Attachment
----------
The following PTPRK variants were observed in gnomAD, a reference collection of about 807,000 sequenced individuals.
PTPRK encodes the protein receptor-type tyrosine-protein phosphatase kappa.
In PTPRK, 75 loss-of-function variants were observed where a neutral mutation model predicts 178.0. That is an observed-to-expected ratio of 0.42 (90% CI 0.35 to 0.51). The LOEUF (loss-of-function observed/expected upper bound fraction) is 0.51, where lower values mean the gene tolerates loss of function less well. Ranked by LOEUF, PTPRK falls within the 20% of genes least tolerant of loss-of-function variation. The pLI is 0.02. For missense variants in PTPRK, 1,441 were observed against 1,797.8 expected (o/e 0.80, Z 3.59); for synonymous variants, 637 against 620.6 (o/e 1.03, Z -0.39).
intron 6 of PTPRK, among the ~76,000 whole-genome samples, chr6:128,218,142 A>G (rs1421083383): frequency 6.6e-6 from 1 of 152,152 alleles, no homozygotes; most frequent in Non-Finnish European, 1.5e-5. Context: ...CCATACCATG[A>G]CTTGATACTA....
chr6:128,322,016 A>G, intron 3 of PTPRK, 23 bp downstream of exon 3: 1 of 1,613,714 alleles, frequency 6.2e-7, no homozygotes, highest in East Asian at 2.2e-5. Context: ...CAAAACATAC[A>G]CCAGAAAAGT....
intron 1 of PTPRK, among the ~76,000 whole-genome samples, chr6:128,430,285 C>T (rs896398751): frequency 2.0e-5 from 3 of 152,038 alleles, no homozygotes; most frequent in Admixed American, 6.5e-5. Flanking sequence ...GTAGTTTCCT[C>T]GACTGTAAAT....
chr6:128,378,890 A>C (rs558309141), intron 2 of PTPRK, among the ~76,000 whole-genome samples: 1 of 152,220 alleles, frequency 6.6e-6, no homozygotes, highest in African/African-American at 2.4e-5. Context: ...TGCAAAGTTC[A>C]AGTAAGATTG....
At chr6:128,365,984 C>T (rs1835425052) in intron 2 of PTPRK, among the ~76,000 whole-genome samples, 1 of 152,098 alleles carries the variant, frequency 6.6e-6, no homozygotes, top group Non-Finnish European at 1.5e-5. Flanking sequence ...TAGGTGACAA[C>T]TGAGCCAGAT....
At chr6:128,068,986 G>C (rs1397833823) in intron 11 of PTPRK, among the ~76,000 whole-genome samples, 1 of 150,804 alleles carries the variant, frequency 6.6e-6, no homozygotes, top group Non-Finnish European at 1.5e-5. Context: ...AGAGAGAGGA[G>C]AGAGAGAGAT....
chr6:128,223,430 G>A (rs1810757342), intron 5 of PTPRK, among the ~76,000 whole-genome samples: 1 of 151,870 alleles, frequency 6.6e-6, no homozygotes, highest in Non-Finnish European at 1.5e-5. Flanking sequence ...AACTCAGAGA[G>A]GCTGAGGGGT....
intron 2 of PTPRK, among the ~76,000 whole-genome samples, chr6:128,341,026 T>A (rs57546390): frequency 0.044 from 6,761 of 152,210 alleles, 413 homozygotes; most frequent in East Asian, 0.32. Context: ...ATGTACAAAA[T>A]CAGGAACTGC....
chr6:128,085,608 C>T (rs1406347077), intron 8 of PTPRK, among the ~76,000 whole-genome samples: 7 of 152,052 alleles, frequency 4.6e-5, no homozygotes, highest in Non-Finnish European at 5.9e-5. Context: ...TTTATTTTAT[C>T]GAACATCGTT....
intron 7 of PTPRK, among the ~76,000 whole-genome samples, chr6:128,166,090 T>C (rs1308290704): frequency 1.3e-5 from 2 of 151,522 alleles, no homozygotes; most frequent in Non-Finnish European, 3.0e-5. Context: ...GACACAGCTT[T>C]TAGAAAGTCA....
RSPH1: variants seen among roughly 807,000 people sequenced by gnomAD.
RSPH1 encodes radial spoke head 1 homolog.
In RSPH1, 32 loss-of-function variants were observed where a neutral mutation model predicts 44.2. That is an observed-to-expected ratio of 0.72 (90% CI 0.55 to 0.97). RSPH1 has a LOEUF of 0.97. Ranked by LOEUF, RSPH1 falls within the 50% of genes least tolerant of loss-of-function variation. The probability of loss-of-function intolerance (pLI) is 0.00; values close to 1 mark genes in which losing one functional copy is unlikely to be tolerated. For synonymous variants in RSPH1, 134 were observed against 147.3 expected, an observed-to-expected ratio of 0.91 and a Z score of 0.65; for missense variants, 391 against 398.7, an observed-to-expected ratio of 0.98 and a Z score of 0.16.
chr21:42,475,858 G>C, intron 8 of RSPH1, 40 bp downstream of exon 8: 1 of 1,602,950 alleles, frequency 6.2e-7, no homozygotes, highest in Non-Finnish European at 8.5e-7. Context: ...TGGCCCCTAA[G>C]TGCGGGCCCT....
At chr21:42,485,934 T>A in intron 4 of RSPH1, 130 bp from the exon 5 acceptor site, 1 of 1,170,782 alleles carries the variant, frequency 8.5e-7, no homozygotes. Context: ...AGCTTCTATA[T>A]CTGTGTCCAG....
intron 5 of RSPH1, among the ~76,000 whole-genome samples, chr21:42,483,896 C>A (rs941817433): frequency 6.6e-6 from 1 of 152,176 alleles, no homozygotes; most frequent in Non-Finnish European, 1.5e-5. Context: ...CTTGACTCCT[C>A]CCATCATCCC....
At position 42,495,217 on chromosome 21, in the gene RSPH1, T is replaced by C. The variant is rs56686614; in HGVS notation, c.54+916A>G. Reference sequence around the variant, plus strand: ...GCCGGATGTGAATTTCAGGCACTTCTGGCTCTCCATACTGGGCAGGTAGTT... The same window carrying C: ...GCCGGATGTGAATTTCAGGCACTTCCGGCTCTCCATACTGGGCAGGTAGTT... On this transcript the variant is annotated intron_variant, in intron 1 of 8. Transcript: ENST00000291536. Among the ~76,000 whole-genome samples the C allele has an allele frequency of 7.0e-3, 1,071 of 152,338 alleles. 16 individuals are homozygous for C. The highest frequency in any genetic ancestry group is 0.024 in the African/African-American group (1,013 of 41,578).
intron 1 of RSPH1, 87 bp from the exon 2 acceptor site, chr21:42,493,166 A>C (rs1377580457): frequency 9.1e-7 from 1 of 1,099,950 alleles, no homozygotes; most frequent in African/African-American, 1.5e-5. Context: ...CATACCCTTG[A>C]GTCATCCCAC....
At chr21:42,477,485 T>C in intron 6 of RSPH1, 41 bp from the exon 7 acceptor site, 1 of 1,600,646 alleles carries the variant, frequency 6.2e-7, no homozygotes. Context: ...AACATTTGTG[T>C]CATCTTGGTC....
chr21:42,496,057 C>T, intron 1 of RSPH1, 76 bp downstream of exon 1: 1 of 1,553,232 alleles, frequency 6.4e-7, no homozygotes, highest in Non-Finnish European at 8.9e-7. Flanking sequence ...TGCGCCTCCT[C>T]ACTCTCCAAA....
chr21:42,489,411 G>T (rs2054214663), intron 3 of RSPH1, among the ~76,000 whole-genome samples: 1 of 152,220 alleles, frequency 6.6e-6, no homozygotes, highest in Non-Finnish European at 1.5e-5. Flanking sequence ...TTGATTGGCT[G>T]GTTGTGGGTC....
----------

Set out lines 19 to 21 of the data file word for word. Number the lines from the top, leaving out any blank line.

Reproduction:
intron 5 of RSPH1, among the ~76,000 whole-genome samples, chr21:42,483,896 C>A (rs941817433): frequency 6.6e-6 from 1 of 152,176 alleles, no homozygotes; most frequent in Non-Finnish European, 1.5e-5. Context: ...CTTGACTCCT[C>A]CCATCATCCC....
At position 42,495,217 on chromosome 21, in the gene RSPH1, T is replaced by C. The variant is rs56686614; in HGVS notation, c.54+916A>G. Reference sequence around the variant, plus strand: ...GCCGGATGTGAATTTCAGGCACTTCTGGCTCTCCATACTGGGCAGGTAGTT... The same window carrying C: ...GCCGGATGTGAATTTCAGGCACTTCCGGCTCTCCATACTGGGCAGGTAGTT... On this transcript the variant is annotated intron_variant, in intron 1 of 8. Transcript: ENST00000291536. Among the ~76,000 whole-genome samples the C allele has an allele frequency of 7.0e-3, 1,071 of 152,338 alleles. 16 individuals are homozygous for C. The highest frequency in any genetic ancestry group is 0.024 in the African/African-American group (1,013 of 41,578).
intron 1 of RSPH1, 87 bp from the exon 2 acceptor site, chr21:42,493,166 A>C (rs1377580457): frequency 9.1e-7 from 1 of 1,099,950 alleles, no homozygotes; most frequent in African/African-American, 1.5e-5. Context: ...CATACCCTTG[A>C]GTCATCCCAC....